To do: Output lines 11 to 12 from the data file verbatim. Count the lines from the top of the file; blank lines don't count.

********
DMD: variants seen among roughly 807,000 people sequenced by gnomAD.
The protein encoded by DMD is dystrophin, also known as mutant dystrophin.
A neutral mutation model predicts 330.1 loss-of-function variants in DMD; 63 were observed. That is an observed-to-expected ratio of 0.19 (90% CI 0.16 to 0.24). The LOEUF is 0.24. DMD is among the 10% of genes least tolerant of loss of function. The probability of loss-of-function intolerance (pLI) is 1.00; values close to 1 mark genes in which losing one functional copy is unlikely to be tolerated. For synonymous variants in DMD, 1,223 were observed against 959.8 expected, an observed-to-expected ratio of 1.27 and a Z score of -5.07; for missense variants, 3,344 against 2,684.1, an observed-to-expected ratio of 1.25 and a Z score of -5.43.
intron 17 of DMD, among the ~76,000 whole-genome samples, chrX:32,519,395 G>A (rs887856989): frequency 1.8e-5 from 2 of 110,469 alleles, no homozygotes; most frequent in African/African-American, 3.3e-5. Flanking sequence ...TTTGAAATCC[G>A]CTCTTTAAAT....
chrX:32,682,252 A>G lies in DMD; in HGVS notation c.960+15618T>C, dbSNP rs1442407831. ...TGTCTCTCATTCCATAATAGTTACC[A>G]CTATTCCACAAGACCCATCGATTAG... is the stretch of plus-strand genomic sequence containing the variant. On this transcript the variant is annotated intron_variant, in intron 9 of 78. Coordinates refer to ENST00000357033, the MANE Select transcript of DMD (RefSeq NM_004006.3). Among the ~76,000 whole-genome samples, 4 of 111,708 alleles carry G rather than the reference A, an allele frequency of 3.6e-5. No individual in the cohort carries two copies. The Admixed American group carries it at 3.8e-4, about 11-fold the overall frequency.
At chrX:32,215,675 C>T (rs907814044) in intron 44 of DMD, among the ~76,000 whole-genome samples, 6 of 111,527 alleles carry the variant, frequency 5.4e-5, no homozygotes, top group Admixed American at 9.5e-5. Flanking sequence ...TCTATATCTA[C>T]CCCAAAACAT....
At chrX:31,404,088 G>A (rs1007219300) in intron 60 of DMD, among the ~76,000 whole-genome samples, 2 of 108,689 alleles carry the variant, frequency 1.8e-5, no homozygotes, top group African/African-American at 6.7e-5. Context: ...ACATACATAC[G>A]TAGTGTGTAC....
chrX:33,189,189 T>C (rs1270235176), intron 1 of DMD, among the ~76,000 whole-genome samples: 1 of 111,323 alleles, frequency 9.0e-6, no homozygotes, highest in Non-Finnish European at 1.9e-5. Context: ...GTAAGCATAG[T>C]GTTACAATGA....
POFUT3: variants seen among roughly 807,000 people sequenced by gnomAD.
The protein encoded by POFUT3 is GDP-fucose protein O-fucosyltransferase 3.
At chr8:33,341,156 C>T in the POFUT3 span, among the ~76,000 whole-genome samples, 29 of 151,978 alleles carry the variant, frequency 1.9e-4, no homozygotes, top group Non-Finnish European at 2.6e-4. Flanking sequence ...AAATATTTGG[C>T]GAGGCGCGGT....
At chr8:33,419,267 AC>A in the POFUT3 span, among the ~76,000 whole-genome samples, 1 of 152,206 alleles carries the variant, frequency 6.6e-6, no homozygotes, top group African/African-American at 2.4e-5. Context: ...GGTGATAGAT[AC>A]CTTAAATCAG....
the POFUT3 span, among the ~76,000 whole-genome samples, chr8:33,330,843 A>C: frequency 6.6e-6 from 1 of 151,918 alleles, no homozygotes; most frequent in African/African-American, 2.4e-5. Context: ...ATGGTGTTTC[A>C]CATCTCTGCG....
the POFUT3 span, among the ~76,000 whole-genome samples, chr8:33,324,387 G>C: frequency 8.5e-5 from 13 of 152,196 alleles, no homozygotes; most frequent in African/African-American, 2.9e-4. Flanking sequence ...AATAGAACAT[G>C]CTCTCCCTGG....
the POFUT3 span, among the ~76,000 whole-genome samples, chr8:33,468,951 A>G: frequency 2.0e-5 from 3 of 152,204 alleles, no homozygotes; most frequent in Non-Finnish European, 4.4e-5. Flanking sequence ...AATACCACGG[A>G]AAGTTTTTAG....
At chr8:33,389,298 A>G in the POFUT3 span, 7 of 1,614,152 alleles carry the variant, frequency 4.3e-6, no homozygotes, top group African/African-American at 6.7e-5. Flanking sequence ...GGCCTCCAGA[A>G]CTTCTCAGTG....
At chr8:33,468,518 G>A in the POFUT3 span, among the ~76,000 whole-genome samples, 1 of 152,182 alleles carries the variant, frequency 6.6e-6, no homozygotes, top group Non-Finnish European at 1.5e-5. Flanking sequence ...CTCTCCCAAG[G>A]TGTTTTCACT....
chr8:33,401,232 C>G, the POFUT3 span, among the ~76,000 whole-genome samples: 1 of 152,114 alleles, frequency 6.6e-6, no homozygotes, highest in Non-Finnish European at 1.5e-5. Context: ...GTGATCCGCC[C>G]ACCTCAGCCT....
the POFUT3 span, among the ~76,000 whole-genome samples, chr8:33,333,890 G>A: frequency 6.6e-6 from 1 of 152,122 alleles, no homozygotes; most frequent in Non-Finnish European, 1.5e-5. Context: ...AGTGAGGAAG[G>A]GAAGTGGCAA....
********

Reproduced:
At chr8:33,341,156 C>T in the POFUT3 span, among the ~76,000 whole-genome samples, 29 of 151,978 alleles carry the variant, frequency 1.9e-4, no homozygotes, top group Non-Finnish European at 2.6e-4. Flanking sequence ...AAATATTTGG[C>T]GAGGCGCGGT....
At chr8:33,419,267 AC>A in the POFUT3 span, among the ~76,000 whole-genome samples, 1 of 152,206 alleles carries the variant, frequency 6.6e-6, no homozygotes, top group African/African-American at 2.4e-5. Context: ...GGTGATAGAT[AC>A]CTTAAATCAG....